Journal of applied polymer science vol:100 issue:6 pages:4526-4538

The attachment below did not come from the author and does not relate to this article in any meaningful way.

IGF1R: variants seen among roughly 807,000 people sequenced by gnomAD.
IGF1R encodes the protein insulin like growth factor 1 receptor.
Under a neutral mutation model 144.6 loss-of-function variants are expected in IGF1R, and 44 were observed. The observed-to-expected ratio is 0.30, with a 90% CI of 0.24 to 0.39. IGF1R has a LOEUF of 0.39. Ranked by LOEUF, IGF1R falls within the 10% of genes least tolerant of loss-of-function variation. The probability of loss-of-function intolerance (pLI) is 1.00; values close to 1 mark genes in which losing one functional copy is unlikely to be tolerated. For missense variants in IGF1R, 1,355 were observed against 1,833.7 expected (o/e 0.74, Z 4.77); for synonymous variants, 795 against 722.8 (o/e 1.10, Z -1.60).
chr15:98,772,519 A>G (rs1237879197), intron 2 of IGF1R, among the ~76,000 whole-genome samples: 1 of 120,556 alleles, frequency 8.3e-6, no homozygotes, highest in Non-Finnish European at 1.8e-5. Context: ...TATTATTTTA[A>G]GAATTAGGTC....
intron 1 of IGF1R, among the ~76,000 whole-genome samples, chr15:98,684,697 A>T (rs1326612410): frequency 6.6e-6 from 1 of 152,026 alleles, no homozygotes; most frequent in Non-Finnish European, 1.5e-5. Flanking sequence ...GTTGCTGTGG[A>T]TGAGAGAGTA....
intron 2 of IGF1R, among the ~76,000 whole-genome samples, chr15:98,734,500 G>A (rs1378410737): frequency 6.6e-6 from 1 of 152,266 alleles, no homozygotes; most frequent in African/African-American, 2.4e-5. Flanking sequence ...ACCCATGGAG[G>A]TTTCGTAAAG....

The effects of the blend composition and compatibilization on the morphology of linear low-density polyethylene (LLDPE)/ethylene vinyl acetate (EVA) blends were studied. The blends showed dispersed/matrix and cocontinuous phase morphologies that depended on the composition. The blends had a cocontinuous morphology at an EVA concentration of 40-60%. The addition of the compatibilizer first decreased the domain size of the dispersed phase, which then leveled off. Two types of compatibilizers were added to the polymer/polymer interface: linear low-density polyethylene-g-maleic anhydride and LLDPE-g phenolic resin. Noolandi's theory was in agreement with the experimental data. The conformation of the compatibilizer at the blend interface could be predicted by the calculation of the area occupied by the compatibilizer molecule at the interface. The effects of the blend ratio and compatibilization on the dynamic mechanical properties of the blends were analyzed from -60 degrees C to +35 degrees C. The experiments were performed over a series of frequencies. The area under the curve of the loss modulus versus the temperature was higher than the values obtained by group contribution analysis. The loss tangent curve showed a peak corresponding to the glass transition of EVA, indicating the incompatibility of the blend system. The damping characteristics of the blends increased with increasing EVA content because of the decrease in the crystalline volume of the system. Attempts were made to correlate the observed viscoelastic properties of the blends with the morphology. Various composite models were used to model the dynamic mechanical data. Compatibilization increased the storage modulus of the system because of the fine dispersion of EVA domains in the LLDPE matrix, which provided increased interfacial interaction. Better compatibilization was effected at a 0.5-1% loading of the compatibilizer. This was in full agreement with the dynamic mechanical spectroscopy data. (c) 2006 Wiley Periodicals, Inc.